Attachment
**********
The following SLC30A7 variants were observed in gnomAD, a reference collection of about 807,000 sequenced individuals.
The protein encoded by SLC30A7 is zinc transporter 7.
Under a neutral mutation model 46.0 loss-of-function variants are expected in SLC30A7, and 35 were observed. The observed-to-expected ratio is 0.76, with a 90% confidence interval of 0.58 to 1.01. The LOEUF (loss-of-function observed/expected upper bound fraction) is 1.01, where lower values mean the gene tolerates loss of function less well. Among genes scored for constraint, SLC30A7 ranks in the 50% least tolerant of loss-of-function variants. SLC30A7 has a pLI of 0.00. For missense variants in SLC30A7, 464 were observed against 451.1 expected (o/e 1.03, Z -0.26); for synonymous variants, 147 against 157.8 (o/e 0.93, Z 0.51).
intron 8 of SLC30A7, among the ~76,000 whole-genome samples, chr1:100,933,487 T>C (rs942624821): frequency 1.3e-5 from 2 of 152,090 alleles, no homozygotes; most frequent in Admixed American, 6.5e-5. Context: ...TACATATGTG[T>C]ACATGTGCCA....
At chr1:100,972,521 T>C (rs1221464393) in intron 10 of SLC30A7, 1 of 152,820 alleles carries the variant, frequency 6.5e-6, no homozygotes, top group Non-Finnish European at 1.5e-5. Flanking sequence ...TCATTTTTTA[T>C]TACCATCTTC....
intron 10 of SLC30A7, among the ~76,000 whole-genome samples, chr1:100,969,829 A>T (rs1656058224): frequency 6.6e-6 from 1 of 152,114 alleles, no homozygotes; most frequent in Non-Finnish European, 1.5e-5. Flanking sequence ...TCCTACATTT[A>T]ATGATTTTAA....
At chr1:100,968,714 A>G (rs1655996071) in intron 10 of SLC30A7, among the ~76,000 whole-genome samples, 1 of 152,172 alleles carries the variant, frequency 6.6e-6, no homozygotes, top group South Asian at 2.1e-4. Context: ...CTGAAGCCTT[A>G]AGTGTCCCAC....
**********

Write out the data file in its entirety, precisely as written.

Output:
The following SLC30A7 variants were observed in gnomAD, a reference collection of about 807,000 sequenced individuals.
The protein encoded by SLC30A7 is zinc transporter 7.
Under a neutral mutation model 46.0 loss-of-function variants are expected in SLC30A7, and 35 were observed. The observed-to-expected ratio is 0.76, with a 90% confidence interval of 0.58 to 1.01. The LOEUF (loss-of-function observed/expected upper bound fraction) is 1.01, where lower values mean the gene tolerates loss of function less well. Among genes scored for constraint, SLC30A7 ranks in the 50% least tolerant of loss-of-function variants. SLC30A7 has a pLI of 0.00. For missense variants in SLC30A7, 464 were observed against 451.1 expected (o/e 1.03, Z -0.26); for synonymous variants, 147 against 157.8 (o/e 0.93, Z 0.51).
intron 8 of SLC30A7, among the ~76,000 whole-genome samples, chr1:100,933,487 T>C (rs942624821): frequency 1.3e-5 from 2 of 152,090 alleles, no homozygotes; most frequent in Admixed American, 6.5e-5. Context: ...TACATATGTG[T>C]ACATGTGCCA....
At chr1:100,972,521 T>C (rs1221464393) in intron 10 of SLC30A7, 1 of 152,820 alleles carries the variant, frequency 6.5e-6, no homozygotes, top group Non-Finnish European at 1.5e-5. Flanking sequence ...TCATTTTTTA[T>C]TACCATCTTC....
intron 10 of SLC30A7, among the ~76,000 whole-genome samples, chr1:100,969,829 A>T (rs1656058224): frequency 6.6e-6 from 1 of 152,114 alleles, no homozygotes; most frequent in Non-Finnish European, 1.5e-5. Flanking sequence ...TCCTACATTT[A>T]ATGATTTTAA....
At chr1:100,968,714 A>G (rs1655996071) in intron 10 of SLC30A7, among the ~76,000 whole-genome samples, 1 of 152,172 alleles carries the variant, frequency 6.6e-6, no homozygotes, top group South Asian at 2.1e-4. Context: ...CTGAAGCCTT[A>G]AGTGTCCCAC....